Look, we don't want to drag the latest Kid Rock story into a second day, but Adam Graham at The News asks a question that someone -- preferably someone Robert Ritchie actually listens to, like his money manager or his girlfriend -- ought to ask the man himself:
Why is he doing this to himself? ("This" being getting drunk, standing in front of a mic and a million camera phones, and ranting about Oprah Winfrey.)
Graham starts by drawing a contrast between the separate paths blazed by Michigan rockers Bob Seger and Ted Nugent. Seger's politics are opaque; he doesn't bring them up onstage or in his infrequent interviews. Nugent? Well, you know all about him. And Seger remains widely loved and respected, and will be remembered mainly for his music. Nugent delivers obscene rants about Hillary Clinton, guns and hunting. His music? There might be some sadistic spin-class teacher who still does an eight-minute climbing set to "Stranglehold," but it won't be in the first three paragraphs of his obituary.
Kid Rock admires Seger. But increasingly, Graham writes, he's behaving like Nugent:
Rock has been operating without a filter for a long time, but has turned up the volume in recent years. He parted ways with his publicist in 2017 and has since been operating untethered on his own.
... As his politics have gotten louder — remember his phony bid for Michigan Senate in 2017? — his music has gotten quieter. His two most recent albums, 2015’s “First Kiss” and 2018’s “Sweet Southern Sugar,” failed to yield any crossover hits and were the weakest-performing albums since his 1998 mainstream breakthrough.
... So like Nugent, Rock now makes news with his mouth, going on unprompted rants and attacking without being provoked. When there are consequences, he wants to play the victim, and say that people are coming for his free speech. No, words have consequences, and if one of those consequences is backing out of a corporate arena space, that’s what it is, and he’s free to take his Made in America restaurant to anywhere else he wants to in town.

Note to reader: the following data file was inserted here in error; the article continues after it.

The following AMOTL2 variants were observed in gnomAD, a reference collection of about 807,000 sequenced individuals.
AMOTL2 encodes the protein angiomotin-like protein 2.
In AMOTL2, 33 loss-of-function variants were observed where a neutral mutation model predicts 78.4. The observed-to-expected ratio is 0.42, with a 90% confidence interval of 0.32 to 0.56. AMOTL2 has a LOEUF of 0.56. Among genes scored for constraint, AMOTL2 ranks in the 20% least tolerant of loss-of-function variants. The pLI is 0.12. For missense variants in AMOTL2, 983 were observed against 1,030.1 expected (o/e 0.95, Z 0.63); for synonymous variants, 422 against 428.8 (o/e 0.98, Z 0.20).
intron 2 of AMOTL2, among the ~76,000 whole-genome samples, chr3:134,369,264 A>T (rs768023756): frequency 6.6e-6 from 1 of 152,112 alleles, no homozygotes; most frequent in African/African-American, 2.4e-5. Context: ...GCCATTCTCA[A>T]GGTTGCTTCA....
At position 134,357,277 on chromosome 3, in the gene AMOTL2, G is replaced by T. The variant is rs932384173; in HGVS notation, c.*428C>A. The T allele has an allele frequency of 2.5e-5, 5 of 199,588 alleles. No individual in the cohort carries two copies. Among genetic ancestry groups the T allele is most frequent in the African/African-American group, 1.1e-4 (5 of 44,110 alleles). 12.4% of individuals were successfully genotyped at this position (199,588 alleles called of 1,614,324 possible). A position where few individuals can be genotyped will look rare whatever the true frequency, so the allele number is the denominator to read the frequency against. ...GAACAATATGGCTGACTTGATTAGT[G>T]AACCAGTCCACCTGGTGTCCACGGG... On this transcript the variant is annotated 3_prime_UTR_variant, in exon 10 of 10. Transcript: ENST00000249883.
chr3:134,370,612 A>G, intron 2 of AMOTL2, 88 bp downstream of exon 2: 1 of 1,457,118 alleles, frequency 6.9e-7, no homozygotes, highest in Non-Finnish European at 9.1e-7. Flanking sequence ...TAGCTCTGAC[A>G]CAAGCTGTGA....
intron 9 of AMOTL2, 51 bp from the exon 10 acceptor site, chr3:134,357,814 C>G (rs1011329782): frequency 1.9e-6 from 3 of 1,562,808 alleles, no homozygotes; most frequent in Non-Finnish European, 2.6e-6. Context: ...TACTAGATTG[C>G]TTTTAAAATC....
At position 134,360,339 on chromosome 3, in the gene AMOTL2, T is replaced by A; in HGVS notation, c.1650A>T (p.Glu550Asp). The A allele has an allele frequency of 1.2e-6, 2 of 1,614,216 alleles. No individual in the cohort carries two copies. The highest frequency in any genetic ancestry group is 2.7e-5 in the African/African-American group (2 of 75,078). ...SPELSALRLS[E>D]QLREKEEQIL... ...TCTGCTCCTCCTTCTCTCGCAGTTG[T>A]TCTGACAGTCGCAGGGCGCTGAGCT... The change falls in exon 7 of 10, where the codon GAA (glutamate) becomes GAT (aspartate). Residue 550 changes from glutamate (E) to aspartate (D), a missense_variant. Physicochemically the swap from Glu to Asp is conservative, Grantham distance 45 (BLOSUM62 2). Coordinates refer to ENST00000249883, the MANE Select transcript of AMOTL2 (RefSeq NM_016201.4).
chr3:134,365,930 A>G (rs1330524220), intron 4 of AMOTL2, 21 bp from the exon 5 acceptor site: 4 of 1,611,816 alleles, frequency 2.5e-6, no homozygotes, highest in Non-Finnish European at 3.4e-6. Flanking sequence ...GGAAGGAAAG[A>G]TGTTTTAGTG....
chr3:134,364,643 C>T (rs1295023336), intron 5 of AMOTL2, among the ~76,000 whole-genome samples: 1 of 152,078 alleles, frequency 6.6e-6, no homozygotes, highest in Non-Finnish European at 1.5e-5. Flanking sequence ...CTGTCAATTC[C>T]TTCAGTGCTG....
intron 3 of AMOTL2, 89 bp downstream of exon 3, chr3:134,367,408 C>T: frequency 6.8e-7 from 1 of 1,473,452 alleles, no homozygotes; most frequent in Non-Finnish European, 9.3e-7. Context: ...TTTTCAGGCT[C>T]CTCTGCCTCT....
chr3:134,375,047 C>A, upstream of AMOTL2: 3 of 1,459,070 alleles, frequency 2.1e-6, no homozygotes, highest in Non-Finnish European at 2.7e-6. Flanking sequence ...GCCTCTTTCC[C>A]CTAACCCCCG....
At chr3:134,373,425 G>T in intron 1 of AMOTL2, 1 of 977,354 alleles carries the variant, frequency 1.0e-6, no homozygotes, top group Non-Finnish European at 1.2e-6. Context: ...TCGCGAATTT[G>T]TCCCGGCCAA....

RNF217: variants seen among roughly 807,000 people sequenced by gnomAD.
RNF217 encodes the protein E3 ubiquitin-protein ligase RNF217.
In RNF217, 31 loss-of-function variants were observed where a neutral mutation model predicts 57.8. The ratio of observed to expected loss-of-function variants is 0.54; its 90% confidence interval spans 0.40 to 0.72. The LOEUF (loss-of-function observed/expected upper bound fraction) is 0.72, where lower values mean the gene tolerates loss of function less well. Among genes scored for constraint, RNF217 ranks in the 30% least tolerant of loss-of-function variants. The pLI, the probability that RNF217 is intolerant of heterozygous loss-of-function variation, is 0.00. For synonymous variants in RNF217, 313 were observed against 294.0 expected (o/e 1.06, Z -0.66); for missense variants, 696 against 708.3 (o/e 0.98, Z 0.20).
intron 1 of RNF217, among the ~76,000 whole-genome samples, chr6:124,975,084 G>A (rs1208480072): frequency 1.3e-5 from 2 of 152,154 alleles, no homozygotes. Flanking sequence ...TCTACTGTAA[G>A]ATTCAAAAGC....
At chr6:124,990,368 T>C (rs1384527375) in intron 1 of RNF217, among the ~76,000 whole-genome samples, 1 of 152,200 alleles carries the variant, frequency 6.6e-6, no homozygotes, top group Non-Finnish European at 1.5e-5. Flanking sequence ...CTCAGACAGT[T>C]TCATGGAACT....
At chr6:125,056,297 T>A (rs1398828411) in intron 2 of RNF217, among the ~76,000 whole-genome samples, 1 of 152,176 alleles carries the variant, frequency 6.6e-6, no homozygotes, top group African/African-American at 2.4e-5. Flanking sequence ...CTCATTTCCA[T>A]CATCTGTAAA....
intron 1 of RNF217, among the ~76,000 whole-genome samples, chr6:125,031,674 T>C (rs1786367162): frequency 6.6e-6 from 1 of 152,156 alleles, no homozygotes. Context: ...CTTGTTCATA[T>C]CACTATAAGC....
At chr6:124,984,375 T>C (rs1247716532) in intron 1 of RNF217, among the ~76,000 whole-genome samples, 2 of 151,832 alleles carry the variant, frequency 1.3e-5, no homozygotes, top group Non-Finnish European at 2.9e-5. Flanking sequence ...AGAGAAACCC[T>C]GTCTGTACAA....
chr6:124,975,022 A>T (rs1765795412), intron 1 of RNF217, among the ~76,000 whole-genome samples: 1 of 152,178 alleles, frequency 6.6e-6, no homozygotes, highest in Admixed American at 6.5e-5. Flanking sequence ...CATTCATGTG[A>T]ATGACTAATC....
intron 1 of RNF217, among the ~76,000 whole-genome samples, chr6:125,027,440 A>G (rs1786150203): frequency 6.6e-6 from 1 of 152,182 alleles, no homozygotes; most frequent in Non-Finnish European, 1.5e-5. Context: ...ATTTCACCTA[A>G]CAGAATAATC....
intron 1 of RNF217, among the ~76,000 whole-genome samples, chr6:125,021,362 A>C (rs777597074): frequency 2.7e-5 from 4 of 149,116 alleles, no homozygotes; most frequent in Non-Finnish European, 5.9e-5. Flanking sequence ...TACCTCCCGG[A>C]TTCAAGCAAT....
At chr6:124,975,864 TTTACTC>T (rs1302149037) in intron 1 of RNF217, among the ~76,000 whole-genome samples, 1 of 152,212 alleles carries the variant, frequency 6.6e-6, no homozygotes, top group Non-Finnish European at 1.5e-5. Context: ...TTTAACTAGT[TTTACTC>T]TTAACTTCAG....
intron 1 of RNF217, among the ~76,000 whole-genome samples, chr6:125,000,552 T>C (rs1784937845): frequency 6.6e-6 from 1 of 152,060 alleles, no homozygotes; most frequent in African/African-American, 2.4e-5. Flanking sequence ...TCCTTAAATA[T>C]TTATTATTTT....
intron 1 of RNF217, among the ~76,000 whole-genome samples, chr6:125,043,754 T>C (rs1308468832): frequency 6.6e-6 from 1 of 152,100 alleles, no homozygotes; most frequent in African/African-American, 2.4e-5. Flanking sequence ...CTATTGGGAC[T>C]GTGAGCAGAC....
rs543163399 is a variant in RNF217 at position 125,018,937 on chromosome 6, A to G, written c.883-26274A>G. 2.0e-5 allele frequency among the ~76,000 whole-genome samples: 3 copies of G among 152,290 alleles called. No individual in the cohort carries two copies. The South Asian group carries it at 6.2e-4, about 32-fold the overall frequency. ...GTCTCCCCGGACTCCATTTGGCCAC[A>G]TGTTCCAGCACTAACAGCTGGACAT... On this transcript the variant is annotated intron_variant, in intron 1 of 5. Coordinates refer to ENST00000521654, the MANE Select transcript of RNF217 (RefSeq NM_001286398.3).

The most recent incident is especially puzzling. While Winfrey remains a powerful presence in media, her talk show went off the air years ago. Joy Behar, co-host of "The View," may not like him, but hasn't put a finger in his eye lately. And Ritchie also yelled about Kathy Lee ... maybe Gifford, or maybe Kathy Griffin, it was hard to tell with the slurring and all. Gifford slid into irrelevance a while back. Griffin is still out there bein' salty about Trump; maybe that's who Mr. MAGA was beefing with.
Whatever the reason, it sounds like it's time for Macomb County's favorite son to think about how he wants the world to think about him -- as the philanthropist he claims to be, or as just another Michigan dude with a drinking problem. When even the conservative Detroit News editorial board breaks up with you, maybe it's time for an intervention.